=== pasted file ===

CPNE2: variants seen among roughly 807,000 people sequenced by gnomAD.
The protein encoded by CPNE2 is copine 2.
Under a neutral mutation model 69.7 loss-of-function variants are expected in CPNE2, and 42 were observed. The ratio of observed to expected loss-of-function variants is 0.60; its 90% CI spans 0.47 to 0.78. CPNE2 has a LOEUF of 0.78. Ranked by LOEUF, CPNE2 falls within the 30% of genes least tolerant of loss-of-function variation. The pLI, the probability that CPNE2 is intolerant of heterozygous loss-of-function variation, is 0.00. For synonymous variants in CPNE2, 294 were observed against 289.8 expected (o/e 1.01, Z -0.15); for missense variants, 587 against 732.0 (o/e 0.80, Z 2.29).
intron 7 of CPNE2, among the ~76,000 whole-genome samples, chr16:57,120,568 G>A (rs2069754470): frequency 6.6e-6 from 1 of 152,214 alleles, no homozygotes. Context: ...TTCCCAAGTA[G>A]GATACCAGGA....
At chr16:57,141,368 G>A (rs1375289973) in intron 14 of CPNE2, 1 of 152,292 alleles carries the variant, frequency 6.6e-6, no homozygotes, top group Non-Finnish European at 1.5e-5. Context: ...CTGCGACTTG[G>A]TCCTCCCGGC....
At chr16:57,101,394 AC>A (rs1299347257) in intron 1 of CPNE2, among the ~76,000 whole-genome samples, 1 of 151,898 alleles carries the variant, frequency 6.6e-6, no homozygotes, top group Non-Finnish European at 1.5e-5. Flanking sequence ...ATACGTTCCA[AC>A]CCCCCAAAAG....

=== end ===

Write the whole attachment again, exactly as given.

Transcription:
CPNE2: variants seen among roughly 807,000 people sequenced by gnomAD.
The protein encoded by CPNE2 is copine 2.
Under a neutral mutation model 69.7 loss-of-function variants are expected in CPNE2, and 42 were observed. The ratio of observed to expected loss-of-function variants is 0.60; its 90% CI spans 0.47 to 0.78. CPNE2 has a LOEUF of 0.78. Ranked by LOEUF, CPNE2 falls within the 30% of genes least tolerant of loss-of-function variation. The pLI, the probability that CPNE2 is intolerant of heterozygous loss-of-function variation, is 0.00. For synonymous variants in CPNE2, 294 were observed against 289.8 expected (o/e 1.01, Z -0.15); for missense variants, 587 against 732.0 (o/e 0.80, Z 2.29).
intron 7 of CPNE2, among the ~76,000 whole-genome samples, chr16:57,120,568 G>A (rs2069754470): frequency 6.6e-6 from 1 of 152,214 alleles, no homozygotes. Context: ...TTCCCAAGTA[G>A]GATACCAGGA....
At chr16:57,141,368 G>A (rs1375289973) in intron 14 of CPNE2, 1 of 152,292 alleles carries the variant, frequency 6.6e-6, no homozygotes, top group Non-Finnish European at 1.5e-5. Context: ...CTGCGACTTG[G>A]TCCTCCCGGC....
At chr16:57,101,394 AC>A (rs1299347257) in intron 1 of CPNE2, among the ~76,000 whole-genome samples, 1 of 151,898 alleles carries the variant, frequency 6.6e-6, no homozygotes, top group Non-Finnish European at 1.5e-5. Flanking sequence ...ATACGTTCCA[AC>A]CCCCCAAAAG....